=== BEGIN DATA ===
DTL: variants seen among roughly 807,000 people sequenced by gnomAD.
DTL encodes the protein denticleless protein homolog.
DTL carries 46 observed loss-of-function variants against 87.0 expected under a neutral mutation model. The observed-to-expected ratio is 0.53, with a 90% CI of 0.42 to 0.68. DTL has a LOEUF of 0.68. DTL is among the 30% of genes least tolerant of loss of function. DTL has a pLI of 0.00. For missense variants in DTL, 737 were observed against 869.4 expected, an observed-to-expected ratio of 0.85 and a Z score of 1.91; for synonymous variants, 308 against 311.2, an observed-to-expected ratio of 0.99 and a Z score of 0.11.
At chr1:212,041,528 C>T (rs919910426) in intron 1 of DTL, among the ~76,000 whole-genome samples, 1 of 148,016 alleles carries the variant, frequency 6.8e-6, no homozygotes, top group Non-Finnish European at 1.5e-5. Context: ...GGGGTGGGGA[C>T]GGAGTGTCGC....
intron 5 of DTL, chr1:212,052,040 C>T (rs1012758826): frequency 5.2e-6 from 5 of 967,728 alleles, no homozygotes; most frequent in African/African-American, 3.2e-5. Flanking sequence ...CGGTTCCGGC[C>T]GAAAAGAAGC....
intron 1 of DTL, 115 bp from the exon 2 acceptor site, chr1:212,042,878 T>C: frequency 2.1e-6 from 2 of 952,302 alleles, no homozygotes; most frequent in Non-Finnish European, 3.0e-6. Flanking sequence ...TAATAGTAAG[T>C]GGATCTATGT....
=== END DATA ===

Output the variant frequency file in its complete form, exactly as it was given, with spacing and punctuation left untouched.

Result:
DTL: variants seen among roughly 807,000 people sequenced by gnomAD.
DTL encodes the protein denticleless protein homolog.
DTL carries 46 observed loss-of-function variants against 87.0 expected under a neutral mutation model. The observed-to-expected ratio is 0.53, with a 90% CI of 0.42 to 0.68. DTL has a LOEUF of 0.68. DTL is among the 30% of genes least tolerant of loss of function. DTL has a pLI of 0.00. For missense variants in DTL, 737 were observed against 869.4 expected, an observed-to-expected ratio of 0.85 and a Z score of 1.91; for synonymous variants, 308 against 311.2, an observed-to-expected ratio of 0.99 and a Z score of 0.11.
At chr1:212,041,528 C>T (rs919910426) in intron 1 of DTL, among the ~76,000 whole-genome samples, 1 of 148,016 alleles carries the variant, frequency 6.8e-6, no homozygotes, top group Non-Finnish European at 1.5e-5. Context: ...GGGGTGGGGA[C>T]GGAGTGTCGC....
intron 5 of DTL, chr1:212,052,040 C>T (rs1012758826): frequency 5.2e-6 from 5 of 967,728 alleles, no homozygotes; most frequent in African/African-American, 3.2e-5. Flanking sequence ...CGGTTCCGGC[C>T]GAAAAGAAGC....
intron 1 of DTL, 115 bp from the exon 2 acceptor site, chr1:212,042,878 T>C: frequency 2.1e-6 from 2 of 952,302 alleles, no homozygotes; most frequent in Non-Finnish European, 3.0e-6. Flanking sequence ...TAATAGTAAG[T>C]GGATCTATGT....